Saturday, July 2, 2011

Lyndsay Sands and Carly Phillips go awry

I am annoyed.  I want to enjoy Lyndsay Sands and Carly Phillips, really I do, but just as I am starting to get into the story I am jarred out of the moment with the constant use of the word "wryly".....ugh!  If I had the time and desire to go back and count how many times that word was used by each author it would number into the hundreds!   I am sorry ladies but this is not acceptable.  You are both good writers with fun and interesting plots so why aren't you using your thesaurus.  I did and look, I found 9 options for "wry".  From they are:
askew, aslant, awry, contorted, crooked, cynical, deformed, droll, dry, ironic, mocking, sardonic, twisted, uneven, warped.                                                                                     If I looked up the synonyms for these words the list gets even longer.  I listened to Carly Phillip's "Heartbreaker" and I winced every time the narrator said, "wryly."  Come on Ms. Phillips not every smile is wry!  How about chagrined or delight, embarassment?  They are all great words!  I read "The Immortal Hunter" by Lyndsay Sands right after "Heartbreaker" and it was like salt in an open wound!   Vampires are not the most emotive of creatures ok, but I think of them as more often as stoic or sardonic than wry.  I would even go with secretive and sinister but wry would be on the bottom of my expressions list.  I would love to say these two books were the only instances of this travesty of language laziness but alas they are not.  This is the third Carly Phillips novel I have read/listened to and “wryly” is her most favorite expression in the English language.   I will let Ms. Sands a little leeway because I have read most of the Argeneau Series and this is the first time I have noticed the over use of that word.  I might have been over sensitive at that point since, as I said, I had just finished “Heartbreaker.”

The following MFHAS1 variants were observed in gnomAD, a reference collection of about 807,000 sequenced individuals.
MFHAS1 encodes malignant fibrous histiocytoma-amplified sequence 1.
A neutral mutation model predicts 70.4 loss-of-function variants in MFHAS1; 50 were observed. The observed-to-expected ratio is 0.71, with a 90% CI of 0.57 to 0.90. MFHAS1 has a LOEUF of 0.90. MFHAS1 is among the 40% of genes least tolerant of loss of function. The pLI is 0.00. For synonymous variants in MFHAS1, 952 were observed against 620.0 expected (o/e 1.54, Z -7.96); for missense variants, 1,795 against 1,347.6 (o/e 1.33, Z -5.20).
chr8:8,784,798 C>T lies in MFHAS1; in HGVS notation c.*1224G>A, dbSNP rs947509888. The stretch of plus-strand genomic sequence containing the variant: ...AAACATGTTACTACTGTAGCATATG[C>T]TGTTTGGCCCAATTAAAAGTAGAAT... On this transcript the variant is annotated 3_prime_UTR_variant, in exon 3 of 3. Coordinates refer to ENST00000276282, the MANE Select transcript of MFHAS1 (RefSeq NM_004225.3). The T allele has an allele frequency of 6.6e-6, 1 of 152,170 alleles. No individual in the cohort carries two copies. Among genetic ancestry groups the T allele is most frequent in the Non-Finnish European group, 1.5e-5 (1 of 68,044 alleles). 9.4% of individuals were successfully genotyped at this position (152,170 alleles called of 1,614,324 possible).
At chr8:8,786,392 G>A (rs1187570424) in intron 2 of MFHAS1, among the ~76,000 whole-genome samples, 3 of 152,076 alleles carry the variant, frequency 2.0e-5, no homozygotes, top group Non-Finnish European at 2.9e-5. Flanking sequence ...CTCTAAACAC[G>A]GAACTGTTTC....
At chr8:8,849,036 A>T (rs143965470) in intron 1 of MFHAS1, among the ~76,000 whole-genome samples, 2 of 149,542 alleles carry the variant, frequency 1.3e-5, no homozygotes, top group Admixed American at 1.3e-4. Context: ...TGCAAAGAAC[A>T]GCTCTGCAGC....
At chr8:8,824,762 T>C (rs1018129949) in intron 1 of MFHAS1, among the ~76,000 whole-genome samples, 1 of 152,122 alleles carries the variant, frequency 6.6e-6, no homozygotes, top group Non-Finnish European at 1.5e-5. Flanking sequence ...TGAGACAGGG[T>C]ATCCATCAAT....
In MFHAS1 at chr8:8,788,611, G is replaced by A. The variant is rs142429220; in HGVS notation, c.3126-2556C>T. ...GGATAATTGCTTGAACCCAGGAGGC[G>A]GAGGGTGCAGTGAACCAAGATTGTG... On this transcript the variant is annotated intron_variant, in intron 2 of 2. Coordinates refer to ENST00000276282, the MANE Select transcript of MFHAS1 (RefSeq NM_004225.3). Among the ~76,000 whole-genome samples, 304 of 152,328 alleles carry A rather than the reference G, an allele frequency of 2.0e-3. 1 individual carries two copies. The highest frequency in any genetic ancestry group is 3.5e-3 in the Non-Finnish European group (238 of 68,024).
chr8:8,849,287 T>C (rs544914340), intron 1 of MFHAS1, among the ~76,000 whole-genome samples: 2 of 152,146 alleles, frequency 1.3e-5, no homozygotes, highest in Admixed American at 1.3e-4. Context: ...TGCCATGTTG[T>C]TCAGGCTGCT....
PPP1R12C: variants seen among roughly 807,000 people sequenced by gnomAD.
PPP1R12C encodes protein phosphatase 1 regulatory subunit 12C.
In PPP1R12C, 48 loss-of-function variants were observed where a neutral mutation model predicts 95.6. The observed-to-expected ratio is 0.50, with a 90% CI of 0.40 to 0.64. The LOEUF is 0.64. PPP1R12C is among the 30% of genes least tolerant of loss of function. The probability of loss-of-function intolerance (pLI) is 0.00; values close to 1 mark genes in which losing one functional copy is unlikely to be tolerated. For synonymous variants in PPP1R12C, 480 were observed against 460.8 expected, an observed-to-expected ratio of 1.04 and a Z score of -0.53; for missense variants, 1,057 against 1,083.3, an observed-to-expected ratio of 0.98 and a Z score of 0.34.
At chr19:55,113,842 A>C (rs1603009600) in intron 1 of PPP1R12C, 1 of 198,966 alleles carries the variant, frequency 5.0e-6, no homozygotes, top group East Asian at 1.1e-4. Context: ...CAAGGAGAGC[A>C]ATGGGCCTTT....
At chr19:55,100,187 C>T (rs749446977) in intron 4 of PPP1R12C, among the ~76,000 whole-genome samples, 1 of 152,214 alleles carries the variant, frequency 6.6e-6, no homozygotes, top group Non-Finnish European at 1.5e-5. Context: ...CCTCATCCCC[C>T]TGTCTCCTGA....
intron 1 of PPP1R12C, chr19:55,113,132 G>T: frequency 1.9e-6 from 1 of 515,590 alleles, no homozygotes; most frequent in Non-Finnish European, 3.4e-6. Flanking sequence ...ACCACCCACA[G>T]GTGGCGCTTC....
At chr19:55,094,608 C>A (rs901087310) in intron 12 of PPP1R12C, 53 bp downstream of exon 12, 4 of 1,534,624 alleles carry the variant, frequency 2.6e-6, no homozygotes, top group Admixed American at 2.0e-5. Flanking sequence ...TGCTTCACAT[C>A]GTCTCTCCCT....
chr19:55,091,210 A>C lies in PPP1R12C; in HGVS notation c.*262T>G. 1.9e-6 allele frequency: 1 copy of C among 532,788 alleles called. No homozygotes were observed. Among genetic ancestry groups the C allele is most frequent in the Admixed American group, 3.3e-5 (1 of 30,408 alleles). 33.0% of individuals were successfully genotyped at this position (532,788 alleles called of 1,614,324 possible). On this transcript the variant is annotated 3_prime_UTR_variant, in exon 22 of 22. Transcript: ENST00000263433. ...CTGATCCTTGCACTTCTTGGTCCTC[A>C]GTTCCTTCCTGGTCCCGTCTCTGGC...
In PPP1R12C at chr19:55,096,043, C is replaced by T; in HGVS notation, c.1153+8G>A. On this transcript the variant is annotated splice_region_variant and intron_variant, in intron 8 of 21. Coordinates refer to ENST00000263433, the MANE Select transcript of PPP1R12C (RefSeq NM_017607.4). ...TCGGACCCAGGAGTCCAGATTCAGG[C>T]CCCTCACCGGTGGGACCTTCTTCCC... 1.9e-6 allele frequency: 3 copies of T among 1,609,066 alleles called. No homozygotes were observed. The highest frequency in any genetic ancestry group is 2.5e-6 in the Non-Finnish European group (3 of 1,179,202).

In conclusion, I want you ladies to promise me in all future books you will strike the words “wry and wryly” from your vocabulary.  Get out your thesaurus and play with the rest of the english language….just sayin

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